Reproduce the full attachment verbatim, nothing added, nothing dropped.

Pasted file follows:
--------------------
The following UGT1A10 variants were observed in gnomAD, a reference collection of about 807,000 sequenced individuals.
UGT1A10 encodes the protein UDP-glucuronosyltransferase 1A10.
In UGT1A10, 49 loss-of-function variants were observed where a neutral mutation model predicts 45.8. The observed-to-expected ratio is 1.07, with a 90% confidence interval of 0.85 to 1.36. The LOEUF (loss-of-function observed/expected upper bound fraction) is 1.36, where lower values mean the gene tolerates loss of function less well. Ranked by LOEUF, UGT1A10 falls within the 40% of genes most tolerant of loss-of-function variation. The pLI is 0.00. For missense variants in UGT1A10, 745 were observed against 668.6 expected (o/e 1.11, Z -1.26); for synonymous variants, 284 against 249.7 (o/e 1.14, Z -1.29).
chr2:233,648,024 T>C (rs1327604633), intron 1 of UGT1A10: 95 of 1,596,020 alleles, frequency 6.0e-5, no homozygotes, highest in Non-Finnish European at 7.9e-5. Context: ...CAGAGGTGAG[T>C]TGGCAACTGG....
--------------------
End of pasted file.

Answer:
The following UGT1A10 variants were observed in gnomAD, a reference collection of about 807,000 sequenced individuals.
UGT1A10 encodes the protein UDP-glucuronosyltransferase 1A10.
In UGT1A10, 49 loss-of-function variants were observed where a neutral mutation model predicts 45.8. The observed-to-expected ratio is 1.07, with a 90% confidence interval of 0.85 to 1.36. The LOEUF (loss-of-function observed/expected upper bound fraction) is 1.36, where lower values mean the gene tolerates loss of function less well. Ranked by LOEUF, UGT1A10 falls within the 40% of genes most tolerant of loss-of-function variation. The pLI is 0.00. For missense variants in UGT1A10, 745 were observed against 668.6 expected (o/e 1.11, Z -1.26); for synonymous variants, 284 against 249.7 (o/e 1.14, Z -1.29).
chr2:233,648,024 T>C (rs1327604633), intron 1 of UGT1A10: 95 of 1,596,020 alleles, frequency 6.0e-5, no homozygotes, highest in Non-Finnish European at 7.9e-5. Context: ...CAGAGGTGAG[T>C]TGGCAACTGG....